Friday, September 21, 2012

Sean Nowell Stockholm Swingin' The Interview Part 1!

Sean Nowell is another fine example of the high level of artistry to come out of the Posi-Tone stable of artists. I was fortunate enough to have Sean field some questions for us on his latest release and jazz in general.

Stockholm Swingin' does just that...It swing hard! Can you tell us more about the record?

S.N. - "Stockholm Swingin' began when guitarist Fredrik Olsson decided to bring 15 year old pianist Leo Lindberg to New York for the first time. Fredrik reached out to drummer Joe Abba, an old college friend and longtime cohort of mine, to set up a jam session with some of his favorite musicians and much fun was had by all. This inspired Fredrik to apply for a travel grant from the Swedish Arts Council for Joe and I to fly to Sweden to make a 14 day tour. With the addition of acoustic bassist Lars Ekman, we piled into the van, braved the ice and moose, and were met with enthusiastic ovations across the Swedish countryside. Stockholm Swingin' represents a snapshot of the group at the end of the tour performing at the world renowned Glenn Miller Cafe in Stockholm. Since then, the group has done another even more successful tour of Sweden and 2 tours of NYC to consistently delighted audiences.
Stockholm Swingin' was recorded over two nights at the Glenn Miller Cafe in Stockholm. It's a great sounding, intimate room with lots of energy exchange with the audience. The people of Sweden are really psyched to hear killing swinging!"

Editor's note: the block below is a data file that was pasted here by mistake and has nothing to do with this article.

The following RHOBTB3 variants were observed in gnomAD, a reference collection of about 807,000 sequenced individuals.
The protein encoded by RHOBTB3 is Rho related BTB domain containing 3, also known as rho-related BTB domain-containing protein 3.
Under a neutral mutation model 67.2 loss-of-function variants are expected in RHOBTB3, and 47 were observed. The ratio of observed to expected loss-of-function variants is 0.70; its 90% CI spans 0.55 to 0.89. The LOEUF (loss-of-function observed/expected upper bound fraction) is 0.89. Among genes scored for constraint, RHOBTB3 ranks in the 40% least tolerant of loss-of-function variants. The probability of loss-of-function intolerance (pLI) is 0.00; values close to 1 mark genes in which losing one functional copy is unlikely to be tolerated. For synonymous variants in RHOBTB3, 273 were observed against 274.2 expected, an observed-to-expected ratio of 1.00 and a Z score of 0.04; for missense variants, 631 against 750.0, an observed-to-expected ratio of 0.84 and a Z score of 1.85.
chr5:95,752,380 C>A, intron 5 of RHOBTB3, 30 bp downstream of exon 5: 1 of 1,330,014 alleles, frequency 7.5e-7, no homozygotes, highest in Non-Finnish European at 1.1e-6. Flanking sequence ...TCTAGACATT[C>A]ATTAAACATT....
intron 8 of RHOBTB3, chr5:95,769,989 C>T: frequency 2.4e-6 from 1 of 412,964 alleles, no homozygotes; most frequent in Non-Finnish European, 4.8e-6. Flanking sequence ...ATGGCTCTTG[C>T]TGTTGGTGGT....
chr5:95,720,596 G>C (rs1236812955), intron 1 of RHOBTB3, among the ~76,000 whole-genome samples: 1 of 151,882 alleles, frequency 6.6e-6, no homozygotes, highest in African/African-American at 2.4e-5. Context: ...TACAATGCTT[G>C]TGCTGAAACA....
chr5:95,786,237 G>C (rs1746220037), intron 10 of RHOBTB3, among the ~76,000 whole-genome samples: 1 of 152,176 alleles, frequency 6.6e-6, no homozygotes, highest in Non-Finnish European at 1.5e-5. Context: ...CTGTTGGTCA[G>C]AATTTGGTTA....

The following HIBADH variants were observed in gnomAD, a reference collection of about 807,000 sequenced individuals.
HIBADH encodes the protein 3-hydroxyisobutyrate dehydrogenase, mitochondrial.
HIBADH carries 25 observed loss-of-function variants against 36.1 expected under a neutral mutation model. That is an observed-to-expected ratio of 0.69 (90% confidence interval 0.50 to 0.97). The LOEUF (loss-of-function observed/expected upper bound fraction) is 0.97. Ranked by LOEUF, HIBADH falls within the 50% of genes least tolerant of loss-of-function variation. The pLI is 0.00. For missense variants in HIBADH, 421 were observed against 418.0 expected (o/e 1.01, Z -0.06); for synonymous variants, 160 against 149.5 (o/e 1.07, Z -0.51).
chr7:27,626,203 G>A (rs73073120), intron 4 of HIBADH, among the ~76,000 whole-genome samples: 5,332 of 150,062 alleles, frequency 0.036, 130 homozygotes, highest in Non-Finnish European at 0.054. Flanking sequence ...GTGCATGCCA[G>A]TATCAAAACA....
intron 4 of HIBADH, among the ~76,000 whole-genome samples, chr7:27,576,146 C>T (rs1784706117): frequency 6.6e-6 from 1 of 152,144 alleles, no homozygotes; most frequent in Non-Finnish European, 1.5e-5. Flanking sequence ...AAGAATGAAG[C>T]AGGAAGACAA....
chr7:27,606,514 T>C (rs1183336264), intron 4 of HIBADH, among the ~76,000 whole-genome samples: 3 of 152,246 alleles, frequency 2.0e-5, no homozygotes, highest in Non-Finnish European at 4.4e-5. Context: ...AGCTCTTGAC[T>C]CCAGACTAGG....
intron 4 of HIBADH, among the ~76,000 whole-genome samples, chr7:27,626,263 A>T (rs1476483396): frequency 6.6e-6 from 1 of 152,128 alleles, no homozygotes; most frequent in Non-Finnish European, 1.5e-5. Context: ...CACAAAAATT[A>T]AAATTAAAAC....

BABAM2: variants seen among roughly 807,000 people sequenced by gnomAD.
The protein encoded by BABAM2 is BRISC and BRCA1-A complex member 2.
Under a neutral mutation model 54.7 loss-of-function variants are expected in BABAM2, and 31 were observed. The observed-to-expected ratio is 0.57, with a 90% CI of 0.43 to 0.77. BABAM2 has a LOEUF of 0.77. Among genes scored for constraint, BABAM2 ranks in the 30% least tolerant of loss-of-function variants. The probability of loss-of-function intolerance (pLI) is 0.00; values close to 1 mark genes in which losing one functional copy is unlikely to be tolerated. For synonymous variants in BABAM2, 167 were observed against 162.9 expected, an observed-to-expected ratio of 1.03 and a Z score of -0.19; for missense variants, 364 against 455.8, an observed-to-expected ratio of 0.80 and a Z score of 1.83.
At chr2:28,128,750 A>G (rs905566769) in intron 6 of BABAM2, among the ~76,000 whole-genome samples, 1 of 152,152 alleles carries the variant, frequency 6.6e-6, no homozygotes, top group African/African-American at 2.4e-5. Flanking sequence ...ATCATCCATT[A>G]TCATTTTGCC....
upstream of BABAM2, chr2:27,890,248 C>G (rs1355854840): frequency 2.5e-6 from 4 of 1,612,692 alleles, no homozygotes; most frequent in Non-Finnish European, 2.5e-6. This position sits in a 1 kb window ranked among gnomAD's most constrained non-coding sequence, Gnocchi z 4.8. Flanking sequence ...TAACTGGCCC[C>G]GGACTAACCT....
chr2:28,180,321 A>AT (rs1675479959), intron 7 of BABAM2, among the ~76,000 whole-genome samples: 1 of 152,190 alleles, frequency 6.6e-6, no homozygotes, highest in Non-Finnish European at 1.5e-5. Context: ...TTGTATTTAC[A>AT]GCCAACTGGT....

The Seeker is another high octane foot to the floor type release. Your tone has a nice blues inflection that some cats work their entire career for and can never find. Being from Birmingham (I'm from Ky.), do you think your regional upbringing played a significant roll in your finding your voice?

S.N. - "I grew up singing in the Southern Baptist Church and even attended Samford, a Southern Baptist University for two years before learning about jazz at Berklee College of Music. It's been extremely valuable to me to grow up  around people screaming the blues through their voice, guitars, horns, and drums...I learned how to swing from the old guys at the late night jam sessions in rough parts of Birmingham, Al. and have worked to keep that spirit as I've added more complexities that I've discovered here in NYC and through my world travels. I truly believe that keeping your eyes and ears open is the key to the real essence of jazz."